- leaving unconfigured dpkg:
dependency problems prevent configuration of python3-packagekit:
python3-packagekit depends on python3:any (>= 3.3.2-2~);
however:

Package python3 is not configured yet.

dpkg: error processing package python3-packagekit (--configure):
dependency problems - leaving unconfigured
No apport report written
because the error message indicates its a followup error from a previous failure.
No apport report written because MaxReports is reached already
Errors were encountered while processing:  python3  click  gnome-menus
python3-packagekit E: Sub-process /usr/bin/dpkg returned an error code (1)

… so obviously something's still not quite alright with my Python 3 (even though I can launch the Python 3 REPL from a terminal just fine) but at least my terminals now look normal.

1

You successfully screwed up your system. Never remove or otherwise break the python or python3 versions that come preinstalled with Ubuntu! Many important system components require one of these to work.

Now about trying to fix things again:

Seemingly your package manager apt still works, so go and check out /var/log/apt/history.log. This logfile contains all package management actions that were performed recently. Check which packages got removed during your process (including all those packages which were automatically removed because they depended on Python) and add them back.

After undoing all removals this way, your system should be back in its old state.

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  • /var/log/history.log does not exist. I think I can see which packages got removed. When you advise to "undo all removals", you mean to apt-get install those packages again, right? Mar 30, 2018 at 15:50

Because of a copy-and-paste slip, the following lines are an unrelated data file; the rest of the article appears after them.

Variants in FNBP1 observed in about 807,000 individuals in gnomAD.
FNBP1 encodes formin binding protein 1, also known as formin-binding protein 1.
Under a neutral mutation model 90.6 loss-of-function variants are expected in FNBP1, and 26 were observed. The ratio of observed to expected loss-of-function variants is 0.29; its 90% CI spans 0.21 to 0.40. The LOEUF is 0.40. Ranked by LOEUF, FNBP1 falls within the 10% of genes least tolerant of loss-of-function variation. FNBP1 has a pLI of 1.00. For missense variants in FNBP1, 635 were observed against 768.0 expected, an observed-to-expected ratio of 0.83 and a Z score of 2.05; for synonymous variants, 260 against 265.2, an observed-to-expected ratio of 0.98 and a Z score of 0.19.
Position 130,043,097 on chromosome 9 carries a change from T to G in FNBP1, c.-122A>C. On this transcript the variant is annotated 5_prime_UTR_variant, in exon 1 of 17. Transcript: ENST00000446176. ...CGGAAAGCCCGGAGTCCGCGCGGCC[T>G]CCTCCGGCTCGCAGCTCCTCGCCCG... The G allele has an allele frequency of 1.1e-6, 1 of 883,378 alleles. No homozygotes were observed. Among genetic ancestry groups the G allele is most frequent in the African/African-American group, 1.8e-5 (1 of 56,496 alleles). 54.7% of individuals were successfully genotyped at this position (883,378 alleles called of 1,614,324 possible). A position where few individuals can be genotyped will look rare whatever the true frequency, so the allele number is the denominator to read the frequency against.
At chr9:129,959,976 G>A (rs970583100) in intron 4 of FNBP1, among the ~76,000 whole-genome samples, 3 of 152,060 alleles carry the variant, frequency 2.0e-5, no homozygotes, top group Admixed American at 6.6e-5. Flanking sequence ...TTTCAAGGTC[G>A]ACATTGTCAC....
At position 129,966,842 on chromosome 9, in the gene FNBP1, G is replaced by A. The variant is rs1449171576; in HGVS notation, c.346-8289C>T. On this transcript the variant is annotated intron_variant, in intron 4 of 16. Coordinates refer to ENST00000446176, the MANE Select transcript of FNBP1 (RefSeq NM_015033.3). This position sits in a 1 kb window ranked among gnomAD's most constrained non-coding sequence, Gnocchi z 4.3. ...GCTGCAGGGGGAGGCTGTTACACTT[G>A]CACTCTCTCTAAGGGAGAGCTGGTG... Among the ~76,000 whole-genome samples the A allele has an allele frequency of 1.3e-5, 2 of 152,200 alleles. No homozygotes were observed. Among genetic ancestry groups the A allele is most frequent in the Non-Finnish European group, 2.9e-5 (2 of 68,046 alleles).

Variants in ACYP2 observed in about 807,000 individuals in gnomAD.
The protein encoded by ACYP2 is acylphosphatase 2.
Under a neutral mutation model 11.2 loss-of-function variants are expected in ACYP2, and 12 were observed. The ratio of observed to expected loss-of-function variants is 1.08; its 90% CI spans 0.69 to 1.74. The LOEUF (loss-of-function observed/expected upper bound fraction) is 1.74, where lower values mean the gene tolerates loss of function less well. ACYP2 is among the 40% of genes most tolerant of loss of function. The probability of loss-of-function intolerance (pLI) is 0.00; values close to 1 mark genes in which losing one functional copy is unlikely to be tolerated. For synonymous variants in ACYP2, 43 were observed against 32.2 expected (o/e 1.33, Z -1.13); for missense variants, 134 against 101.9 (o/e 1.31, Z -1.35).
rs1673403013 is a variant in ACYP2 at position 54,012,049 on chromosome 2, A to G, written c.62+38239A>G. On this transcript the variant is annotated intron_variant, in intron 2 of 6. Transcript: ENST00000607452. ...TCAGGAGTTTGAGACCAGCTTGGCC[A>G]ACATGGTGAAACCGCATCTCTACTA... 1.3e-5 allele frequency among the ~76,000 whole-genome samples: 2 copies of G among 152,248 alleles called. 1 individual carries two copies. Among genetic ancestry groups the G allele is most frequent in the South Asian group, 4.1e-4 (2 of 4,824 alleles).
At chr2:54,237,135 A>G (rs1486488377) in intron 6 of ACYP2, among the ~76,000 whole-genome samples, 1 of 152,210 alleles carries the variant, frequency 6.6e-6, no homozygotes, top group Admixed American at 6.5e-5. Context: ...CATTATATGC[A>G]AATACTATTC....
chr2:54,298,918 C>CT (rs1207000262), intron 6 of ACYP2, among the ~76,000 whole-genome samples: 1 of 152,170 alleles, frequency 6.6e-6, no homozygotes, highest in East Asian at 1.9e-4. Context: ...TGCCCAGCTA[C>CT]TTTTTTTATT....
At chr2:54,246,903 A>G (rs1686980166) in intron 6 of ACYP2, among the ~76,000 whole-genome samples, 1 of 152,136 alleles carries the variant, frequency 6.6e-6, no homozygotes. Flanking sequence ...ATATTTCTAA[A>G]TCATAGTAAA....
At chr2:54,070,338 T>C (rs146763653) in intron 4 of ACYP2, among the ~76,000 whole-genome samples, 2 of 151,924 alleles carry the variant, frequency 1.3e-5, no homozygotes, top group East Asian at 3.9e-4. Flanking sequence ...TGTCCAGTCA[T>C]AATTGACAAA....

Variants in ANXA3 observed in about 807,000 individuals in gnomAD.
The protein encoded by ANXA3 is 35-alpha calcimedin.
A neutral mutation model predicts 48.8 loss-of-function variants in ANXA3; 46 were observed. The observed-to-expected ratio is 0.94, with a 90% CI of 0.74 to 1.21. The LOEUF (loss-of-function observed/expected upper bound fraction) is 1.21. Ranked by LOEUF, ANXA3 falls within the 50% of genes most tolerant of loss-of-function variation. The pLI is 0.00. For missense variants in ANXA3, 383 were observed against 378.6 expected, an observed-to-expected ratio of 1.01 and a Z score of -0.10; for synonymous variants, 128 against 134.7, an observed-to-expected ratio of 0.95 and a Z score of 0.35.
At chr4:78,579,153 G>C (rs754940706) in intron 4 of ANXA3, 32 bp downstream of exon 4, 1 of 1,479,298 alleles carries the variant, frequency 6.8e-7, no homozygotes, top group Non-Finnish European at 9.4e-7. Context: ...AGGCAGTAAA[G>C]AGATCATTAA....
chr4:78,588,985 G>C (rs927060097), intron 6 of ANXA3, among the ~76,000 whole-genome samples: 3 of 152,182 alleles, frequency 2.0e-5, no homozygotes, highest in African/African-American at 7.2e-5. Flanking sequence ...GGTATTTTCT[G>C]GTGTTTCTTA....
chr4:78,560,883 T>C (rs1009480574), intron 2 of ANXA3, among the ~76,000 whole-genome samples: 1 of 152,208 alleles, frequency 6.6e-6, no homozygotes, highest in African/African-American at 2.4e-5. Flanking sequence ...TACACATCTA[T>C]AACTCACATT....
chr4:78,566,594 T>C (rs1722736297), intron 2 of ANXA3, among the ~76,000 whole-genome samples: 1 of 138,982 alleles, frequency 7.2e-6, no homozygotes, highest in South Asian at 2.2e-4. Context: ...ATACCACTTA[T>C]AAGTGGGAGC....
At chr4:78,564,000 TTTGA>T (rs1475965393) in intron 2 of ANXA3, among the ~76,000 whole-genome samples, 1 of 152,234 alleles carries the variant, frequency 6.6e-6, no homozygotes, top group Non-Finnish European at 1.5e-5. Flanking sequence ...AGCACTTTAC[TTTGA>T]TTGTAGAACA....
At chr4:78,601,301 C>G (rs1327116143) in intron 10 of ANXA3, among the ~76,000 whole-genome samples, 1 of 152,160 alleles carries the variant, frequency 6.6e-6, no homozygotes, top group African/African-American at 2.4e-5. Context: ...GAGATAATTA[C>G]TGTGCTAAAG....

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    Oops, I meant /var/log/apt/history.log, fixed that. Yes, install them again using e.g. sudo apt install PACKAGENAME.
    – Byte Commander
    Mar 30, 2018 at 15:57
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    upvoted because it's useful but I ended up in a mire trying to re-install everything. I posted as an answer what I did that got me out of this (even though the state of my Python 3 package is likely broken beyond redemption). It is also likely that the re-installs I did (as you advised) also helped. Mar 30, 2018 at 18:24
  • BTW, apart from removing what would be another way to "otherwise break" the python or python3 versions that come preinstalled with Ubuntu? And more to the point, how am I supposed to know which python or python3 versions "come preinstalled with Ubuntu" ? Mar 31, 2018 at 0:27
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    For example, people often want to make python start a Python 3 by default, which breaks lots of things. I think these two are the most frequent problems, removing one or replacing one with the other. There are many ways to break things, but one has to put some effort in it to think about more. If you check apt policy python python3 that should report you the available versions for Python 2/3 packages. Check for the highest version number that comes from an official Ubuntu repository and not from a PPA or external site. That is the one you should use. For 16.04 it is 3.5.1 and 2.7.12.
    – Byte Commander
    Mar 31, 2018 at 11:00